Despite a bit of a convoluted journey including a night in Perth on the way across from Australia’s east coast, then a 4 hour delay due to an Air Mauritius pilots’ strike, we made it.Even in the dark as a driver took us to our Flic en Flac apartment, we could see some of the big rock formations that dot the landscape of Mauritius. Next morning Mr Frequent Flyer had an early start for work commitments but I had a walk along the beach over the road and found this:
Unfortunately this beautiful weather did not last – the first two days were the best of our nine day stay. After that, we had overcast and windy weather most days, particularly in the afternoons. I had four days on my own while Mr FF worked and still enjoyed exploring the area and its blend of India, France and Africa. I loved the quirky beach shacks selling delicious local food. I walked miles each day along the beach, read my books and admired the tropical flora. I liked speaking some French, though it was definitely different. I took the local bus to the Cascavelle shopping centre one day for 24 rupees (only about $A1). The bus was a bit rickety and was ‘air conditioned’ by having the windows opened, but was fine – I enjoyed being with the locals. The buses had names like King of the Road, Road Warrior or Perle du Jour.
The driver who had taken Mr FF to and from his workplace for the first four days was made available to us on the fifth. Good timing as I felt I had seen most of Flic en Flac. With his help, we planned a day of sightseeing in the north. Our first stop was the Sir Seewoosagur Ramgoolam Botanic Gardens at the charmingly titled town of Pamplemousses (grapefruits). The gardens were begun in the 1700s and had some fantastic lily ponds and pads and a great variety of palms.
The Mon Plaisir chateau in the grounds was reminiscent of the planters’ houses in the Deep South of the USA – not surprising really with the French having colonised both places.
L’Aventure du Sucre was a Museum describing the history and importance of sugar in Mauritius. Very interesting but at times a bit too detailed for me. It was amazing though to read about the immigration and slaves – it really was a history of Mauritius not just sugar. We tasted different rum, jams and sugars at the end.
The simple little church at Cap Malheureux was our next stop. (It’s so named because boats ran aground on the reefs here – the name means Cape Unfortunate). It was a picturesque spot right at the north of the island. Some of the islands nearby were used to quarantine immigrants with infectious diseases way back.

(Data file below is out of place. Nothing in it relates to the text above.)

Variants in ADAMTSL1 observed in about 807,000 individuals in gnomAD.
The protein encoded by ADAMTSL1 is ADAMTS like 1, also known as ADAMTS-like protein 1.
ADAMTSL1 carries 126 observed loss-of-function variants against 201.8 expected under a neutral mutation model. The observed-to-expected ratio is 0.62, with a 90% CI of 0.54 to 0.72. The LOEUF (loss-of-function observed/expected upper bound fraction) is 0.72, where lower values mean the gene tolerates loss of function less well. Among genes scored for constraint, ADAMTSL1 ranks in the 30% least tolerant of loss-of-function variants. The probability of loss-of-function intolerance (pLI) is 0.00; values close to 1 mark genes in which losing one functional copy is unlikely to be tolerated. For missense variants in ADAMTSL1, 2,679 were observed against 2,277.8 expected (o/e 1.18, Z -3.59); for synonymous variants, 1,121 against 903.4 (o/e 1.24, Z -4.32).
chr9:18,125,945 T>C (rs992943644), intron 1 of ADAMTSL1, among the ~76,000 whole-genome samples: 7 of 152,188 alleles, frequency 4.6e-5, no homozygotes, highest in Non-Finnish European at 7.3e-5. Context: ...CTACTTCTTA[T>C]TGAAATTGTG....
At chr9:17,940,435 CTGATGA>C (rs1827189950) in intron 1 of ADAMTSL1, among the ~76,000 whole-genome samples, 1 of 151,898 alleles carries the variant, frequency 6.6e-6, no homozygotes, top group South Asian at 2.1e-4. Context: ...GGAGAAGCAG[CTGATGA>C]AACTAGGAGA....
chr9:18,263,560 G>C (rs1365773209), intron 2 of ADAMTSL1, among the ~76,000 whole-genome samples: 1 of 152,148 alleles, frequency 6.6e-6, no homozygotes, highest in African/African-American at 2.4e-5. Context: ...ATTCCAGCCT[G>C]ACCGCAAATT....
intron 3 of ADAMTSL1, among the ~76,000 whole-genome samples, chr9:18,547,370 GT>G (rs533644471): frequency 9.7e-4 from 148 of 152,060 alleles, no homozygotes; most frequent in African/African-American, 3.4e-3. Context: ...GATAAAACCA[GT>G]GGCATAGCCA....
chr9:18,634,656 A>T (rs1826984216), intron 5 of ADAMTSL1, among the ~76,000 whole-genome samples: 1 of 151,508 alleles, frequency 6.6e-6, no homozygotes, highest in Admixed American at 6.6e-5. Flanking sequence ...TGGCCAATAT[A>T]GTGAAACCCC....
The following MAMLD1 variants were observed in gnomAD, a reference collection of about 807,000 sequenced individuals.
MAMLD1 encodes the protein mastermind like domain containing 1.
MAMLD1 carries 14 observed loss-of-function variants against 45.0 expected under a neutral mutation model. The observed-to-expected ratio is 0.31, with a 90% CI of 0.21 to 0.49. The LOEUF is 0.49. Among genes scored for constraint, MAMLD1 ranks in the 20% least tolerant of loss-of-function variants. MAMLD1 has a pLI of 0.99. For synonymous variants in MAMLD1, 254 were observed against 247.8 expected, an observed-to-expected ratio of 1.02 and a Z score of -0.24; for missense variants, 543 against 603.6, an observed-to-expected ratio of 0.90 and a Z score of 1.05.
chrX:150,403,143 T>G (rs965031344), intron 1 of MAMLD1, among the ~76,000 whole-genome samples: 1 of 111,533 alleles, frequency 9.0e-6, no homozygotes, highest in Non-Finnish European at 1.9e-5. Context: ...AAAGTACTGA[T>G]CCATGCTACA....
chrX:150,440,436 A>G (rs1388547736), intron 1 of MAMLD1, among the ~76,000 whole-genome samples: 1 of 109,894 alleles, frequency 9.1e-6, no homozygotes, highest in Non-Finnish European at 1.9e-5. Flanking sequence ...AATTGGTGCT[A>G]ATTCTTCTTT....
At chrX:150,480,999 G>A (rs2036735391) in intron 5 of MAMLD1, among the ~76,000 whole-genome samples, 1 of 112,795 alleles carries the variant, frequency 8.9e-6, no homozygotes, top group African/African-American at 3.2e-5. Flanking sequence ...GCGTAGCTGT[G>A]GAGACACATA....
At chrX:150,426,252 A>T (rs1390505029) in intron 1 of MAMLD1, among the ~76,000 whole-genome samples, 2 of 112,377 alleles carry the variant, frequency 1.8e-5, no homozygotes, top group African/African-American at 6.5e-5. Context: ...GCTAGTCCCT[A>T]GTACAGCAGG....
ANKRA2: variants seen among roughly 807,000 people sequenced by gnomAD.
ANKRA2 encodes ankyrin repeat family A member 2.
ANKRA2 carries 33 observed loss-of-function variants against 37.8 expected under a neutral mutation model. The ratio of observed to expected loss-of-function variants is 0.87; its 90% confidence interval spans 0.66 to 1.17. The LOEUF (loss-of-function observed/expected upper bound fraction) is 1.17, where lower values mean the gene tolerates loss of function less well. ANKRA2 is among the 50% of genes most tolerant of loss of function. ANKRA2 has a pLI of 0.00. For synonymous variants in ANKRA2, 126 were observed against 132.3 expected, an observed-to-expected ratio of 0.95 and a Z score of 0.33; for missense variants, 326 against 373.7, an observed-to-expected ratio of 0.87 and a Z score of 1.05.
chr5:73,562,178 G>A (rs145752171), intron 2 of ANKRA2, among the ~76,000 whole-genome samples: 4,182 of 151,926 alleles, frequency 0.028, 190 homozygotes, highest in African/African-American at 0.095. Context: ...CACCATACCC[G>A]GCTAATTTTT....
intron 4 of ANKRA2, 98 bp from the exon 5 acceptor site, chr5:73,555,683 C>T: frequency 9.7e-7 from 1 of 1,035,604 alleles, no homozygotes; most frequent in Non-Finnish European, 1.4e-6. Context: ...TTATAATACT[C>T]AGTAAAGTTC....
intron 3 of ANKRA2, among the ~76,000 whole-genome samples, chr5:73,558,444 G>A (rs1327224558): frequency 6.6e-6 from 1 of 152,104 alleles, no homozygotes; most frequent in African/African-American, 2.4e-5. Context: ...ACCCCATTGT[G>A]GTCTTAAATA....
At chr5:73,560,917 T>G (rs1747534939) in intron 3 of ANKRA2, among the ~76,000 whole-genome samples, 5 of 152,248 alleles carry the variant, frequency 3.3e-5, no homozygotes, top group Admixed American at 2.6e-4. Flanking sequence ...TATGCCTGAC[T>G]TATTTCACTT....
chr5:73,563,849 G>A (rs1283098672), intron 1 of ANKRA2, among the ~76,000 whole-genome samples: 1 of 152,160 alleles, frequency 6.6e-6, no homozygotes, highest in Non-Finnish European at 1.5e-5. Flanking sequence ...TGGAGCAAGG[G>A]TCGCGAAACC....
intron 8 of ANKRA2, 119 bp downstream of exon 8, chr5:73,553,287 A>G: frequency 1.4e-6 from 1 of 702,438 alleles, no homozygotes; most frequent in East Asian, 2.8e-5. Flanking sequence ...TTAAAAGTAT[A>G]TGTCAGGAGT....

Our driver’s suggestion of Pereybere beach rather than Grand Baie for our beach stop was perfect and we spent an hour or so enjoying this little cove.
Another day, we hired a little car and went to the south of the island. We definitely recommend doing this. The driving was not difficult, being on the same side of the road as we are used to. The flexibility and the chance to get out to some small villages and rugged scenery made it a great day out. The Slaves’ Memorial was our first stop. Lots of sculptures from various worldwide sculptors depicting slavery. The mountain of Le Morne was an appropriate backdrop. It was here that some slaves, unaware that they were finally free, jumped to their death after seeing police approaching.
Le Morne was a great walk despite its sad history. We had to sign our names in a little book then sign out again on our return. We did not not go right to the top – apparently you need to be with a guide for that – but even from halfway up, we got great views. Not as spectacular as some we saw on postcards because of the cloud, but we got the idea.
We continued around the south coast through undeveloped small villages. We stopped at a big rock with steps up, then at Riambel beach for some noodles in the rain.
After some lunch, we turned inland on the A9 and the road climbed. We had not planned on visiting the Bois Cheri tea plantation but it was afternoon tea time so why not? We enjoyed the tea tasting – a bargain at 100 rupees for as many as you would like to try. Initially we parked at the front and started to walk in, but realised we could drive in further and park near the lake.